National,  State

CPAC 2021: This Time It’s Personal

From Feb. 25 to Feb. 28, 2021, the American Conservative Union held its annual Conservative Political Action Conference (CPAC) in Orlando. This year’s theme was “America Uncancelled;” its keynote speaker was former President Donald Trump.

For almost five decades, CPAC has been one of the Republican Party’s most notable events, setting the political tone of the American right-wing for the year. Usually held in Maryland, the conference was moved to Florida this year because of Maryland’s statewide COVID-19 restrictions.

Florida has few such restrictions. Governor Ron DeSantis has been adamant about keeping the state as open as possible since the beginning of the crisis. The full statewide stay-at-home order was effective for only one month, replaced by the first phase of a reopening plan in early-May 2020. The third and final phase of reopening was initiated by DeSantis on Sep. 25, 2020, which lifted all statewide COVID-19 restrictions and made the state an optimal choice for CPAC 2021.

This CPAC was destined to stand apart from its counterparts in previous years, and not only because of the location change. It took place just over a month after the Republican Party officially lost both the presidency and the Senate majority. Not even two months had passed since a pro-Trump mob attacked the Capitol in an attempt to overturn the results of the 2020 election, leaving five people dead and hundreds injured. Shortly after, on Feb. 13, Trump was acquitted of inciting the insurrection in his historic second impeachment trial.

Seven Republican senators delivered a ‘guilty’ vote; ten Republican representatives voted to impeach. Many major Republicans within Congress, including Senate Minority Leader Mitch McConnell, who spoke of his vote to acquit as based purely on the Constitution, said on the Senate floor that Trump indubitably incited the riot. None of those Republicans, nor many others such as former Vice President Mike Pence, Senator Lindsay Graham, R-NC, Representative Liz Cheney, R-WY, and many conservative governors, attended CPAC 2021.

Senator Mitt Romney, R-Utah, the 2012 Republican presidential nominee, was specifically uninvited in a 2020 tweet by American Conservative Union chair, Matt Schlapp, for the offense of voting to impeach the president. The disinvitation carried forward another year when Romney voted to impeach a second time. Ironically, Romney has won the benchmark CPAC straw poll four times over the years.

This year’s straw poll, which surveys who should be the next presidential nominee, put Trump firmly in the lead with 55%, followed by DeSantis, who took 21% of the vote. Other Floridians barely made a splash: Senator Marco Rubio garnered about 1%, and Senator Rick Scott didn’t even break the list.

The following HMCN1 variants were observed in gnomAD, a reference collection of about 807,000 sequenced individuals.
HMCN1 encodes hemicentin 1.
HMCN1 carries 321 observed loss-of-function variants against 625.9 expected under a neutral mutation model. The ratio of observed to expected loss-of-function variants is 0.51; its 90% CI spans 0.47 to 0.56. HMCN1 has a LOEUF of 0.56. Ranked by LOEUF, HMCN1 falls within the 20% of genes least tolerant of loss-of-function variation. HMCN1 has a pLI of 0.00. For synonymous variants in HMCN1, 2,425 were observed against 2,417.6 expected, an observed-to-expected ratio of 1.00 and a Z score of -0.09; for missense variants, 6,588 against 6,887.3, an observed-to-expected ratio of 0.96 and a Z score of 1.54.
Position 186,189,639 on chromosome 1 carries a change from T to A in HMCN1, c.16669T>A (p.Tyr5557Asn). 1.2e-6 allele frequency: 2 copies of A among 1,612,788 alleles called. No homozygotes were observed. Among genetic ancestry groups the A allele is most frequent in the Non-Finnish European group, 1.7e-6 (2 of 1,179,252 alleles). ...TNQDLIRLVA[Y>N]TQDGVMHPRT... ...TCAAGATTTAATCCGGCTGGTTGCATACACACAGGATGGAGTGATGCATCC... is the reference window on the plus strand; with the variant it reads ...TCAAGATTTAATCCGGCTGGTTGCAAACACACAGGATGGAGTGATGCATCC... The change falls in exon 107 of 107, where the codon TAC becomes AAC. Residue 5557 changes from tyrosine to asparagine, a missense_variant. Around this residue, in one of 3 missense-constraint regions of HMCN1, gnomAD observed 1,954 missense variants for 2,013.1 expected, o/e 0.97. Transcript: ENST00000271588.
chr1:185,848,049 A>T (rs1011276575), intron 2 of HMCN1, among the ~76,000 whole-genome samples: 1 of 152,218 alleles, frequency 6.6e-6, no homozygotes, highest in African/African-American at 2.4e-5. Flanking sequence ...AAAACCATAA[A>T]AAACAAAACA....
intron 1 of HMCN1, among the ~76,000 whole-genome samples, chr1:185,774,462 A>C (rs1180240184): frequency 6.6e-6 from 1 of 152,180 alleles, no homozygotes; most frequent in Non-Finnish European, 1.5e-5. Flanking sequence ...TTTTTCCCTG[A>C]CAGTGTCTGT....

The poll has created something of a media storm around DeSantis, who won 43% in a poll without Trump, and who, of course, had the home-field advantage. Still, his star is undoubtedly rising within the Republican Party, as his handling of COVID-19 in Florida gained him much praise from the cheering CPAC crowd and the sect of the party they represent.

However, the real star is still Trump, whose appearance at CPAC was only announced a few days before the start of the convention, giving his first major speech since vacating the presidency. The speech was over an hour-long, filled with unsubstantiated claims about the 2020 election, and mainly a vessel for Trump to unleash his fury at both the Biden administration and the very Republicans not in attendance, framed as disloyal betrayers of the party.

Notably, Trump dismissed the idea of a third party and heavily hinted at a 2024 presidential bid: “But who knows. I may even decide to beat them for a third time.”

Most recordings of the speech, including one posted by Reuters, considered one of the most reputable news sources in the English language, have been removed by video streaming platforms like YouTube for violating community guidelines. C-SPAN has kept the speech segmented but viewable on its website.

Above all else, Trump’s popularity confirmed it’s among the most conservative of conservatives.

Feb. 25 unveiled a larger-than-life golden statue of the former president holding a magic wand; attendees posed for pictures with a gleaming idolization of the man who blasted through to political power in 2016 and fell from it just as dramatically.

At past conferences, conservatives would gather to discuss policy and determine the Republican Party’s path forward. CPAC 2021 was different: not a fiercely divided Republican Party, but a fiercely devoted base and a swath of politicians for whom his trademark personality politics were the name of the game. The word on the Orlando crowd’s lips was “Trump!” and if there were whispers of dissent, the sound of cheering drowned them out.        

Featured image: Donald Trump speaks at CPAC 2017. Unmodified photo by Michael Vandon used under a Creative Commons license. (

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